A secret police report which monitors meth-related harm has been leaked to Newshub, showing police are attending seven meth callouts every day - up from five per day in previous years.
The document, which was from November and has not been publicly released, shows in 2015 there were 2473 crime reports filed which mentioned methamphetamine.
When compared to the average of 1972, it shows meth-related crime is on the rise.
By August of 2016 there had already been 2127 "occurrences" involving methamphetamine.
Police Association boss Chris Cahill wants the Government to stay focused on its war on P.
"You can't take your foot off the throat on this one. It is too big of an issue for New Zealand," he told Newshub.
But the responsibility for tackling methamphetamine has been quietly shifted from the Prime Minister to his deputy, and a key indicator for the Government's war on methamphetamine has been scrapped.
Deputy Prime Minister Paula Bennett said official reports were showing that methamphetamine has dropped.
"In most places actually meth use has dropped, but I see it too much and anecdotally hear it too often from police to accept that that's good enough," she told Newshub.
"I think that we can go further so I think the first stage of that plan has gone well, we can now up the ante and do something different."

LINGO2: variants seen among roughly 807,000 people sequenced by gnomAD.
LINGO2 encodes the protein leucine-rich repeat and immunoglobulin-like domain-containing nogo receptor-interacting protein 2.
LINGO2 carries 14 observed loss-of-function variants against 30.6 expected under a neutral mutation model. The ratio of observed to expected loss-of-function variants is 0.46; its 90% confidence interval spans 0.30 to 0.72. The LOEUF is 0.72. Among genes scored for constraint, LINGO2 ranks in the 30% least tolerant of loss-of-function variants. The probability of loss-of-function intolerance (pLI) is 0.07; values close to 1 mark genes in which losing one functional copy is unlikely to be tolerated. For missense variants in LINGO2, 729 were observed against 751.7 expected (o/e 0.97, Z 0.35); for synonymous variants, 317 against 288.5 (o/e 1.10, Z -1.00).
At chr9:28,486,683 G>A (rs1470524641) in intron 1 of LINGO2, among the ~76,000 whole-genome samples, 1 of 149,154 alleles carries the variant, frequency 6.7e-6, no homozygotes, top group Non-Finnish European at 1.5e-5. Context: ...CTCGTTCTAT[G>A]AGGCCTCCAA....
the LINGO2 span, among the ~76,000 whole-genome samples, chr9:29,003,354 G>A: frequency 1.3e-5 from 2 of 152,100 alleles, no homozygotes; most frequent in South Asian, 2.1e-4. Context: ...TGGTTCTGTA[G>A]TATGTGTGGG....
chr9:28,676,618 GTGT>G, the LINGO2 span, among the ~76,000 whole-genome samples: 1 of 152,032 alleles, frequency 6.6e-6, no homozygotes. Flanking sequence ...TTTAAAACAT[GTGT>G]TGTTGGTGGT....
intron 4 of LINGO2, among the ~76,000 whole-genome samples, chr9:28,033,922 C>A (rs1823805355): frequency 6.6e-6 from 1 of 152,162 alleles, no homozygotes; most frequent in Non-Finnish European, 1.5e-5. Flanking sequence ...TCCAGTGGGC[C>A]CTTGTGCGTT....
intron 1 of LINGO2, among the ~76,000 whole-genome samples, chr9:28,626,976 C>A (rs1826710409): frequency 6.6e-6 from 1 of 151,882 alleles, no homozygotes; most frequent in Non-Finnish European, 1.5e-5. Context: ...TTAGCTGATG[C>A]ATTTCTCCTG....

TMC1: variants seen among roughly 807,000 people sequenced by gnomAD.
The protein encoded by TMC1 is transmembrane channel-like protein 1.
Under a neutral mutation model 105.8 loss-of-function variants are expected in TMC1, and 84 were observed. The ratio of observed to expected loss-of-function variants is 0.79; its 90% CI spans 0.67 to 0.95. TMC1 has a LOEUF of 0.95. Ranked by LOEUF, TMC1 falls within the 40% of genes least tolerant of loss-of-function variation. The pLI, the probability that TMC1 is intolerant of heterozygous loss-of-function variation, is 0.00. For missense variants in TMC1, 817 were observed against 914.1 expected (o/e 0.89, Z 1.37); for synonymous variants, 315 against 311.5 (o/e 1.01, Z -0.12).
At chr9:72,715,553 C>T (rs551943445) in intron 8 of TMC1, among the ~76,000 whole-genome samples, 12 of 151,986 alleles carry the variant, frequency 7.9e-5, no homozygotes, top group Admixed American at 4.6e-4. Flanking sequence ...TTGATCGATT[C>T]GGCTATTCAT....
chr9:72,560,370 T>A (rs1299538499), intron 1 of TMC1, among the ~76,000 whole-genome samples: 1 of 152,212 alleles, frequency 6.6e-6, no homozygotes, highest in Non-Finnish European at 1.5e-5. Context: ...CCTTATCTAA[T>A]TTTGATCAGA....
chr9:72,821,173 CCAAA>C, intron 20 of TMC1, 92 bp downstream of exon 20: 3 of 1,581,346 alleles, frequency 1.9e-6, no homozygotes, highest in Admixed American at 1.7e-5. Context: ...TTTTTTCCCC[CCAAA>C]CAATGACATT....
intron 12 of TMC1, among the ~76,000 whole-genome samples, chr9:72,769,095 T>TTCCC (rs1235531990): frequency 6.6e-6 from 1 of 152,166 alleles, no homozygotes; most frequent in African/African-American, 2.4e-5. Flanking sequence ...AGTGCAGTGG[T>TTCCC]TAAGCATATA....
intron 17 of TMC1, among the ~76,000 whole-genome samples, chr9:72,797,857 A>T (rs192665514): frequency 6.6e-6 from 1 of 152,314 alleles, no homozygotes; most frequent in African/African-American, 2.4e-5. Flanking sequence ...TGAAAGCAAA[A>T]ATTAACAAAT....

But while waiting for a new plan, there's been a surge in meth-related crime. The document shows over a period of two years, three people were murdered by someone who was high on meth and a further seven killed in drug deals gone wrong.
And that's likely on the lower end of the scale - the report says those are only incidents where P was recorded as a factor and it's "unknown" whether methamphetamine was a factor in other homicides.
In August last year meth was recorded as a factor in 65 crimes involving weapons, 32 involving firearms, 43 assaults, 11 domestic violence crimes, and five sexual assaults and sexual kidnappings.
All were increases on the same month in the previous year, with weapons and firearms related crimes almost doubling.
"Whether it's family violence, whether it's burglaries, whether it's serious robberies, it's all being driven by meth and the availability of meth in the community," Mr Cahill said.